Most medications are safe in breastfeeding but a few are not. It is rare that a woman needs to stop breastfeeding in order to take a drug.
Nonetheless, sometimes doctors are not completely familiar with the most current information on medications and breastfeeding. If you are unsure, please refer to either to Thomas Hale’s book, Medications and Mothers’ Milk, last updated in 2006, or to the American Academy of Pediatrics list of drug safety in breastfeeding, or to the National Library of Medicines free, accurate service, LactMed, released in April 2006.
The AAP lists drugs only by their generic names. The AAP list is extensive, but is not a complete list of every drug. It is updated every few years, most recently in 2001. If a drug is not listed, it does not mean it’s not safe, only that it was not reviewed yet by AAP. Click Here to view the AAPs policy and drug listing.
Medications and Mothers’ Milk is considered by many people to be the most complete and authoritative resource. It includes some drugs not reviewed by the AAP. This book also lists the AAP’s rating on each drug which AAP has reviewed. Hospitals and doctors’ offices should have access to this book, which is available in paperback, through ibreastfeeding.com. This book is updated frequently, most recently in 2006.
LactMed, like Hale, discusses medications in detail, and discusses the research known about each drug. While some drugs are listed by both their brand names and generic names, many are only listed by their generic names. It includes only drugs, not other substances or environmental agents. It does not have a clear rating system, like Hale or AAP, and it is up to the reader to determine safety.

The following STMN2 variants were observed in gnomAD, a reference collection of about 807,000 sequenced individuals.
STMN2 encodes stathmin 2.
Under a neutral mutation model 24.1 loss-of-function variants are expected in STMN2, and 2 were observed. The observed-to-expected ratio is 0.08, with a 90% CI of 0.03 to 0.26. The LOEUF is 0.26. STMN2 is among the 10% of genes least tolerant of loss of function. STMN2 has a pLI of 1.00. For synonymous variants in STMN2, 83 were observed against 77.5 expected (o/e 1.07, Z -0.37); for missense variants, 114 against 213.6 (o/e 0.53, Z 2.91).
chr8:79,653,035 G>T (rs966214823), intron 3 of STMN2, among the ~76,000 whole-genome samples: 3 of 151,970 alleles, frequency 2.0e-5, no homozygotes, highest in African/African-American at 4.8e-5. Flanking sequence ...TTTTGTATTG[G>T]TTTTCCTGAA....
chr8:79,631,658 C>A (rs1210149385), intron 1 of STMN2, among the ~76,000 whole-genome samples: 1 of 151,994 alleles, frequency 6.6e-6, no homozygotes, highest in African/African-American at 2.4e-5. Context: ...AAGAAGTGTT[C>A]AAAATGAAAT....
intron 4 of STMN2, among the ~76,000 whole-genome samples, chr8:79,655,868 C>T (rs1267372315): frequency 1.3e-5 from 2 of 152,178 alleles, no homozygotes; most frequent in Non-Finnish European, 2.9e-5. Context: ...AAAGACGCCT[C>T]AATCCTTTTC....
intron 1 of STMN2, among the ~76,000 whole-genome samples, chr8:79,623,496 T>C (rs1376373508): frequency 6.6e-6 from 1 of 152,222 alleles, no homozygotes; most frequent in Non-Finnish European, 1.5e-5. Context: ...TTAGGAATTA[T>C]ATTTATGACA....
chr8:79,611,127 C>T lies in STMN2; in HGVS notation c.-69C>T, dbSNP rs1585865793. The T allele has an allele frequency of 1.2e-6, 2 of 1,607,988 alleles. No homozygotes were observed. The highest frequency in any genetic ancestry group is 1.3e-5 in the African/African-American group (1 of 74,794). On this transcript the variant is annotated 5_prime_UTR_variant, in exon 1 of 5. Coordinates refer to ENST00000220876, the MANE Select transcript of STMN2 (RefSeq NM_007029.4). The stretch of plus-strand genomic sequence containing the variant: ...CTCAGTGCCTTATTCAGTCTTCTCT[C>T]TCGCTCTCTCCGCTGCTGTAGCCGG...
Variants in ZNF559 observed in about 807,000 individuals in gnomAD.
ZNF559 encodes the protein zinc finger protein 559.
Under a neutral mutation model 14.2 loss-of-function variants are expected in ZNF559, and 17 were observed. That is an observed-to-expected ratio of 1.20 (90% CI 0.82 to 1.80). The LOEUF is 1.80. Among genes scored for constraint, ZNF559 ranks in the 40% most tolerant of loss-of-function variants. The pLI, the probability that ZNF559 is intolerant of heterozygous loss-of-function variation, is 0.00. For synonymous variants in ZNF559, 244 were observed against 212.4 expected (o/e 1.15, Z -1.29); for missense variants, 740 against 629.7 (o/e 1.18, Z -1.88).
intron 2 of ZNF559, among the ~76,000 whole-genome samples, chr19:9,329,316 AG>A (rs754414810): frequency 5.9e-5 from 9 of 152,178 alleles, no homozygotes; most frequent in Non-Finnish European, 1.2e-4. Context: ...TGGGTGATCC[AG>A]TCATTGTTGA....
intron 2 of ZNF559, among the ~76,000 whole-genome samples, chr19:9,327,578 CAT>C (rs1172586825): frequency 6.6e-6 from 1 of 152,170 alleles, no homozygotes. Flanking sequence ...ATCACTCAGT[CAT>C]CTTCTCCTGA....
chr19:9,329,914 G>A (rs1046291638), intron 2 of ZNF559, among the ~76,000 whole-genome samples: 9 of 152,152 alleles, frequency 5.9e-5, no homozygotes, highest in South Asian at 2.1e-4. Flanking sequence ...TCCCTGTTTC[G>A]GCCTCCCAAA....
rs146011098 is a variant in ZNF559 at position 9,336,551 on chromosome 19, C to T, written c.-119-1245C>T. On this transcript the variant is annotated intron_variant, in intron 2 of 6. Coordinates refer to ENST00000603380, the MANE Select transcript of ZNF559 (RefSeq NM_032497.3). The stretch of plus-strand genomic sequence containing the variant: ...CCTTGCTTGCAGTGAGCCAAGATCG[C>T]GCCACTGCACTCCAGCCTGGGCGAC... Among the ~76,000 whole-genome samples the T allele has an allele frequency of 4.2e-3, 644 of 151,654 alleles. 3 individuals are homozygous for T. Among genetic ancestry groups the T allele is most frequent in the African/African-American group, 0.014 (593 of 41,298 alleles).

Another helpful resource is motherisk.org. This site includes a 2000 review article on the topic by Dr. Shinya Ito in the New England Journal of Medicine.
The American College of Radiology determined that IV Contrast and gadolinium are both safe in lactation.
Download our free PDA software, which includes medication information, as well as our Approach to Early Breastfeeding, and other resources. Download Now
FAQ: Alcohol, Smoking, Diet, and Medications
Patient-friendly information from the Massachusetts Breastfeeding Coalition on medications and breastfeeding.
Medications and Breastfeeding
Excerpt from the MBC’s resource guide, with references to phone numbers, books and articles on medications and breastfeeding.
Dr. Thomas Hale’s website on breastfeeding pharmacology, including information on ordering his book, Medications and Mother’s Milk.